PKC consists of a set of different isoenzymes: classical (α, β, γ), novel (ε, δ, θ, η), and atypical (ξ, λ), of which only the classical isoforms are sensitive to changes in intracellular Ca2+ concentration [31]. Recent studies have shown that ET-1 stimulates the release of Ca2+ from the endoplasmic reticulum and activates PKC-α in the cell membrane [1519]. After being activated, PKC-α has been shown to mediate the disruption of vascular endothelial cadherin junctions [32]. Moreover, PKC-α activates myosin light chain kinase, which is involved in endothelial cell gap formation and barrier dysfunction [33]. In the lung vasculature, PKC-α-induced disruption might derange the endothelial integrity [19]. We therefore speculate that the increase in vascular permeability and the evolution of ALI might be due to ET-1-induced activation of PKC-α in the cell membrane. We believe that blockade of ET-1 receptors, resulting in a combination of reduced microvascular pressure and decreased activation of PKC-α, is one of the main reasons for the amelioration of ALI in the present study.

It is well established that infusion of LPS stimulates a release of inflammatory mediators such as TNF-α, IL-8, and ET-1 [3436]. In contrast, ET-1 stimulates monocytes and macrophages to release TNF-α and IL-8 in its own right [37, 38]. In the present study, enhanced plasma concentrations of TNF-α, IL-8, and ET-1 were found after 4 hours in both endotoxemic groups. However, at the end of the experiments the plasma concentrations of all three mediators were significantly higher in tezosentan-treated animals than in animals given LPS alone. The increases in ET-1 and TNF-α are consistent with a previous investigation employing the endothelin receptor antagonist bosentan [39], but in contrast to that short-term study, we exposed sheep to 24 hours of endotoxemia. According to another recent study, ETB receptors in the lungs are involved in the clearance of ET-1 from the circulation [40]. Consequently, ET-1 receptor blockade prolongs ET-1 half-life in the plasma and reportedly shifts tissue uptake from the lungs to other organs [41]. In the present study, tezosentan increased the plasma concentration of ET-1 to an extent that might have enhanced the release of TNF-α and IL-8 from the monocytes and macrophages.

The present endotoxin-induced lung injury model in sheep is not ideal for elucidating the effects of ET-1 receptor blockade on permeability because microvascular pressure cannot be deliberately changed. Further studies of ET-1 receptor blockade on permeability are therefore required in a more complex experimental setting on intact animals or in isolated perfused lungs.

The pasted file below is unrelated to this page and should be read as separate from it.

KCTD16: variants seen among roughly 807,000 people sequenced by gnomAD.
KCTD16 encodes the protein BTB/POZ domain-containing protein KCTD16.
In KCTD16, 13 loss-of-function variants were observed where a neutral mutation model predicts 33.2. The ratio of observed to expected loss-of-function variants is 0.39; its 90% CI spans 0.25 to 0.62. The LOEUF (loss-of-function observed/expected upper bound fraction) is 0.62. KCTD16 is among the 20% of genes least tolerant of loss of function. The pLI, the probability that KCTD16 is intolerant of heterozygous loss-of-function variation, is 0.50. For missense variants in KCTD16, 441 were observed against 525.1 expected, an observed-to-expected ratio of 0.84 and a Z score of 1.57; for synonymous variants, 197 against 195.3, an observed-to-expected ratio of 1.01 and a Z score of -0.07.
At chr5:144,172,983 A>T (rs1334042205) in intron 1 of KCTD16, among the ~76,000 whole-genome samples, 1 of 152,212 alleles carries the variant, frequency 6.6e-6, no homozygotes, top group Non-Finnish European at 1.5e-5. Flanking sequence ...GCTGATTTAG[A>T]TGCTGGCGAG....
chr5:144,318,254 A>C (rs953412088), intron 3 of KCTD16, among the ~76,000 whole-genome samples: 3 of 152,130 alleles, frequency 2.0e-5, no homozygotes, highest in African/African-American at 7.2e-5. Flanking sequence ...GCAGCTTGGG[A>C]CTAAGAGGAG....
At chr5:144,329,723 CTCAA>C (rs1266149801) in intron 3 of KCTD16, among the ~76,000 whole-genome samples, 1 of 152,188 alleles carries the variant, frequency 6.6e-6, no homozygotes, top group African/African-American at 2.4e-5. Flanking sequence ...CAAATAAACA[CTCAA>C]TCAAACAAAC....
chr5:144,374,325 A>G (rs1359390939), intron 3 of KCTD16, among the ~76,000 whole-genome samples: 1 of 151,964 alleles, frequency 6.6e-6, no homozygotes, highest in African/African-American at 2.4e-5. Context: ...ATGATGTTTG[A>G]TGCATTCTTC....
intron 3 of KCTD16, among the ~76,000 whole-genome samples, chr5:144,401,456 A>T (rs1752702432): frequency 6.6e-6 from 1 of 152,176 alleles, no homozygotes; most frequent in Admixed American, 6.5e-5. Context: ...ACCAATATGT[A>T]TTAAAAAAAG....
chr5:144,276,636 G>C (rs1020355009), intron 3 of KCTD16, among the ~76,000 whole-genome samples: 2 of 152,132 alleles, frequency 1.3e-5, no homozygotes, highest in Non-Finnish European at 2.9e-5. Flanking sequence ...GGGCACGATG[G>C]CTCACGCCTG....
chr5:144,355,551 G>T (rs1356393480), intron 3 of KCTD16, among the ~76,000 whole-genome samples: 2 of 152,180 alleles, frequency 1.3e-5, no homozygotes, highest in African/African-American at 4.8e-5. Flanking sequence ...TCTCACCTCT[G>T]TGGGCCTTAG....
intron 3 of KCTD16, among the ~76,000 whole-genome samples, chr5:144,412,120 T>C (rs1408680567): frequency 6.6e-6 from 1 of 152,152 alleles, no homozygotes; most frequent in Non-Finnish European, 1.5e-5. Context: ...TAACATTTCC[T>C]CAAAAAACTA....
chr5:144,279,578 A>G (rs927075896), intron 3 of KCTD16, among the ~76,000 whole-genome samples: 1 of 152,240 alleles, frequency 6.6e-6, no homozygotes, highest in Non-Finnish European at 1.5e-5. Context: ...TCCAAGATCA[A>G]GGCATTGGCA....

In endotoxemic sheep, ET-1 plasma concentration is significantly correlated with Pmo in the late phase. Moreover, Pmo and extravascular lung water content demonstrate a positive correlation from the first hours of endotoxin infusion. Blockade of ET-1 receptors attenuates ALI by reducing the pulmonary microvascular pressure and most probably also by decreasing permeability secondary to reducing the activation of PKC-α. However, further studies are needed to explain the exact mechanisms behind the decrease in extravascular lung water and the prevention of activation of PKC-α after ET-1 receptor blockade.

Key messages

  • In endotoxemic sheep, extravascular lung water content correlates positively with pulmonary microvascular pressure.

  • Non-selective endothelin-1 receptor blockade attenuates ovine endotoxin-induced lung injury by reducing pulmonary microvascular pressure and probably also by decreasing microvascular permeability secondary to reduced activation of PKCα.



acute lung injury




extravascular lung water index






protein kinase C


pulmonary capillary micro-occlusion pressure


tumor necrosis factor.


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The authors thank Dr Martine Clozel (Actelion Pharmaceuticals Ltd, Allschwil, Switzerland) for generously giving us tezosentan, and Dr Tormod Brenn PhD and Dr Tom Wilsgaard PhD for review of the statistical methods. A part of this study was presented and awarded a prize at the 17th Annual Congress of the European Society of Intensive Care Medicine, Berlin, Germany, 10 to 13 October, 2004 (Intensive Care Med 2004, 30 (Suppl 1):S32, abstract no 504).

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Correspondence to Lars Bjertnaes.

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Competing interests

This study was supported by Helse Nord (Norwegian governmental funds), project number 4001.721.132 and departmental funds of the Departments of Anesthesiology, Physiology and Clinical Chemistry, University of Tromsø, Norway.

Authors' contributions

VK participated in the design of the study, analyzed the data, and drafted the manuscript. MK, MS, TA, OCI and KY contributed to the biochemical analysis and participated in the design of the study. LB administered the study, participated in the design of the study and suggested improvements to the manuscript. All authors read and approved the final manuscript.

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Kuklin, V., Kirov, M., Sovershaev, M. et al. Tezosentan-induced attenuation of lung injury in endotoxemic sheep is associated with reduced activation of protein kinase C. Crit Care 9, R211 (2005).

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  • Acute Lung Injury
  • Bosentan
  • Extravascular Lung Water
  • Tezosentan
  • Extravascular Lung Water Index